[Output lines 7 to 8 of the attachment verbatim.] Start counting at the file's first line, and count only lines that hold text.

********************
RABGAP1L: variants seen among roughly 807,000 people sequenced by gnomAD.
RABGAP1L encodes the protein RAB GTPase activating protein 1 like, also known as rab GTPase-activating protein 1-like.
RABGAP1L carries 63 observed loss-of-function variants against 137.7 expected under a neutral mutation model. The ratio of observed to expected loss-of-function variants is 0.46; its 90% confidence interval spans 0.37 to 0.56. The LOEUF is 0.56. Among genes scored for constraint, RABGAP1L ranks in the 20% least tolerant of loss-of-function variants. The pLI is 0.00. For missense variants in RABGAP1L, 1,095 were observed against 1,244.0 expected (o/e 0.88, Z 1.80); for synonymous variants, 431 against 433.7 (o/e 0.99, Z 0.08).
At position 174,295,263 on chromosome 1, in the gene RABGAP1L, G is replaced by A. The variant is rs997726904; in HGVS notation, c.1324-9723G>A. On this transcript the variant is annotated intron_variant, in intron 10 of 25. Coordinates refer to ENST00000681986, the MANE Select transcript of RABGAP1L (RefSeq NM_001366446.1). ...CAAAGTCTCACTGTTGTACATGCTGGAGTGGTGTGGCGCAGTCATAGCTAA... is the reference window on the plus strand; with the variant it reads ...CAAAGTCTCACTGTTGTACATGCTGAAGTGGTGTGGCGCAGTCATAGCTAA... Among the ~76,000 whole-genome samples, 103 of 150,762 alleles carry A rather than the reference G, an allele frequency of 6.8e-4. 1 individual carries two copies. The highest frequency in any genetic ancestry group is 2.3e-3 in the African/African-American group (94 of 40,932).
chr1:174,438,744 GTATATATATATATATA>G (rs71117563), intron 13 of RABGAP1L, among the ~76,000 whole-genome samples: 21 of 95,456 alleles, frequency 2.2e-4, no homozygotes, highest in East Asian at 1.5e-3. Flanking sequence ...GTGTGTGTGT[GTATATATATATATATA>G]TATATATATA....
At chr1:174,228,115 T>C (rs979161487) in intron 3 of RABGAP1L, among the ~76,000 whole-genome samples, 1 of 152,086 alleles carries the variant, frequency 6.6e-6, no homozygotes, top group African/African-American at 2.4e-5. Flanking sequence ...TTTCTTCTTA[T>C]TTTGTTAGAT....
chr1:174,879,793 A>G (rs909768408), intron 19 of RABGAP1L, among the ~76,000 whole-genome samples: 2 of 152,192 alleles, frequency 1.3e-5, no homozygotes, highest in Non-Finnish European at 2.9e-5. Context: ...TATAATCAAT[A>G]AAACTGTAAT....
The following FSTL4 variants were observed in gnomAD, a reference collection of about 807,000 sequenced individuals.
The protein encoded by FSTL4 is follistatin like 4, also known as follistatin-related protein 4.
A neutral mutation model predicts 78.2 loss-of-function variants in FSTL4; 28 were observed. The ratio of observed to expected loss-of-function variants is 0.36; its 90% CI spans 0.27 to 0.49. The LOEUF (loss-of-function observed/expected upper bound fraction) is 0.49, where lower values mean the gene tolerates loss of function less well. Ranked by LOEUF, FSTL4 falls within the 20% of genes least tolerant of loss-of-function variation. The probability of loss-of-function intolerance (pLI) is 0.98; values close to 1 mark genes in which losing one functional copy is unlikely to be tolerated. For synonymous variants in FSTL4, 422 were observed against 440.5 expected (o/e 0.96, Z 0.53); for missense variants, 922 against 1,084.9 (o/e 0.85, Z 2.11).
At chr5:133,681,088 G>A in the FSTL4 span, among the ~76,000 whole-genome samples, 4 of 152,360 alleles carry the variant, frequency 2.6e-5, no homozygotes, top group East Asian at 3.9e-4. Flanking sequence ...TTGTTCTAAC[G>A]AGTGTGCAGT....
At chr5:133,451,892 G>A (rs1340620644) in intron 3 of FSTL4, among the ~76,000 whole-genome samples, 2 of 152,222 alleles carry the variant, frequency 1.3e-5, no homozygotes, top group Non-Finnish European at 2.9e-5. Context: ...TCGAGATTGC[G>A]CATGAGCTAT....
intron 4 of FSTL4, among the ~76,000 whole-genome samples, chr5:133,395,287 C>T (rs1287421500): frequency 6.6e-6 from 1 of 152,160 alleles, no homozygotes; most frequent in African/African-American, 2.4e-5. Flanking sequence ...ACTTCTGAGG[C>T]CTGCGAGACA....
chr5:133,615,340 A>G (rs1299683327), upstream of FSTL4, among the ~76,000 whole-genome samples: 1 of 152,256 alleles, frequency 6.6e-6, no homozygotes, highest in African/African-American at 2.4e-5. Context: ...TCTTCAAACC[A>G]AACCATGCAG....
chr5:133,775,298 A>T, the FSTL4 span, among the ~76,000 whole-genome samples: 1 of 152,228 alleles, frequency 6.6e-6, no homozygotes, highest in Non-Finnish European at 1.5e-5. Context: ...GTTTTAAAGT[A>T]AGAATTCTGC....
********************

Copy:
chr1:174,879,793 A>G (rs909768408), intron 19 of RABGAP1L, among the ~76,000 whole-genome samples: 2 of 152,192 alleles, frequency 1.3e-5, no homozygotes, highest in Non-Finnish European at 2.9e-5. Context: ...TATAATCAAT[A>G]AAACTGTAAT....
The following FSTL4 variants were observed in gnomAD, a reference collection of about 807,000 sequenced individuals.